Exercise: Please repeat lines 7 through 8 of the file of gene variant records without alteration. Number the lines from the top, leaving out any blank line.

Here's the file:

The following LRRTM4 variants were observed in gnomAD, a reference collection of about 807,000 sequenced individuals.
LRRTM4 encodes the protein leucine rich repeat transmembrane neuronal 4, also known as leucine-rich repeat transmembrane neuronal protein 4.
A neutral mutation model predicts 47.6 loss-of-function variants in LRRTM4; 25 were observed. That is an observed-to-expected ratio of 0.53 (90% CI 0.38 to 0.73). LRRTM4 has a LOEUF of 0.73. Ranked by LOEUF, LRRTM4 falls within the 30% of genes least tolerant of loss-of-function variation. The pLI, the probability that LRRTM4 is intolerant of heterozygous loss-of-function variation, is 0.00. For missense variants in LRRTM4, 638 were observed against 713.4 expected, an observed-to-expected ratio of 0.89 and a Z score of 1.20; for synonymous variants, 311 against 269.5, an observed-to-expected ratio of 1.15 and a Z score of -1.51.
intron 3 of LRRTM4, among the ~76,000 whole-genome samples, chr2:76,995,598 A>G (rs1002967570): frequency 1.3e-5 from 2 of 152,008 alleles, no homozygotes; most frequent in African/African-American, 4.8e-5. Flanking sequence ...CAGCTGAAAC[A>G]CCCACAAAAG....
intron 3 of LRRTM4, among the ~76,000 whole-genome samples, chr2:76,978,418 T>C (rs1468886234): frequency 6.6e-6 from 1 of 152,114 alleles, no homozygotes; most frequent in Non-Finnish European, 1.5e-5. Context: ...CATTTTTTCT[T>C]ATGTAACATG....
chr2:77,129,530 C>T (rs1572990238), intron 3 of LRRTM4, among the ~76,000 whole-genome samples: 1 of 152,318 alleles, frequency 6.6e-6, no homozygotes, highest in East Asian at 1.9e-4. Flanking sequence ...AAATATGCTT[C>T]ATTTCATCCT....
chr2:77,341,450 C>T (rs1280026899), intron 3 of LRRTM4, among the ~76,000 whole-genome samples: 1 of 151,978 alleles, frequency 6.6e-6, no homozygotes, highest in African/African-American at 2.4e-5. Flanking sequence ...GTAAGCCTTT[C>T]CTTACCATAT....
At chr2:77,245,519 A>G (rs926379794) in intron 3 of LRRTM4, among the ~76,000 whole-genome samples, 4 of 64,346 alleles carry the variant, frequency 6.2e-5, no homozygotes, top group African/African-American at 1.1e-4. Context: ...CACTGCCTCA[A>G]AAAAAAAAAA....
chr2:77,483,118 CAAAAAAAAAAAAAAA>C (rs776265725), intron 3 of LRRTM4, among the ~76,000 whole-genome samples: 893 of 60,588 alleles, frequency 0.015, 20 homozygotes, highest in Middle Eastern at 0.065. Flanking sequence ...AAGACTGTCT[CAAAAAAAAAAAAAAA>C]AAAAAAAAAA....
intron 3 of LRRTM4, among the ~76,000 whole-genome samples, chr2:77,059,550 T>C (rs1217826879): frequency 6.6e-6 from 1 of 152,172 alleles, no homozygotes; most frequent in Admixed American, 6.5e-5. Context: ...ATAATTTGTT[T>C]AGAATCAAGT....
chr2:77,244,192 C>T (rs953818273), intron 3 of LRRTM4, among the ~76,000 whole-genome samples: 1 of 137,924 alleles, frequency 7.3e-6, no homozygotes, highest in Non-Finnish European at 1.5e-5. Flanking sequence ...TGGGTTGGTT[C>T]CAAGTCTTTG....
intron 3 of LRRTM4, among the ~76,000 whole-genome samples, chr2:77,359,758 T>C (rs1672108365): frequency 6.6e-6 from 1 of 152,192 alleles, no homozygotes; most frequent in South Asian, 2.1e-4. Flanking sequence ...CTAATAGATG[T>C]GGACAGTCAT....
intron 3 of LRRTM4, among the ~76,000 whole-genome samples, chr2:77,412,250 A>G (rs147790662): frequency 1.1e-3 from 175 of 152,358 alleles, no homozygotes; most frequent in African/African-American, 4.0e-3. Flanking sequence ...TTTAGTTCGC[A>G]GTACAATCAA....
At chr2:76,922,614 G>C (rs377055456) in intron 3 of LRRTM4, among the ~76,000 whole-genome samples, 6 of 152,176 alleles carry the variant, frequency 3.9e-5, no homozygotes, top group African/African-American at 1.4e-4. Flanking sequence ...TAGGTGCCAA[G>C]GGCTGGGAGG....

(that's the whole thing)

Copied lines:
chr2:77,341,450 C>T (rs1280026899), intron 3 of LRRTM4, among the ~76,000 whole-genome samples: 1 of 151,978 alleles, frequency 6.6e-6, no homozygotes, highest in African/African-American at 2.4e-5. Flanking sequence ...GTAAGCCTTT[C>T]CTTACCATAT....
At chr2:77,245,519 A>G (rs926379794) in intron 3 of LRRTM4, among the ~76,000 whole-genome samples, 4 of 64,346 alleles carry the variant, frequency 6.2e-5, no homozygotes, top group African/African-American at 1.1e-4. Context: ...CACTGCCTCA[A>G]AAAAAAAAAA....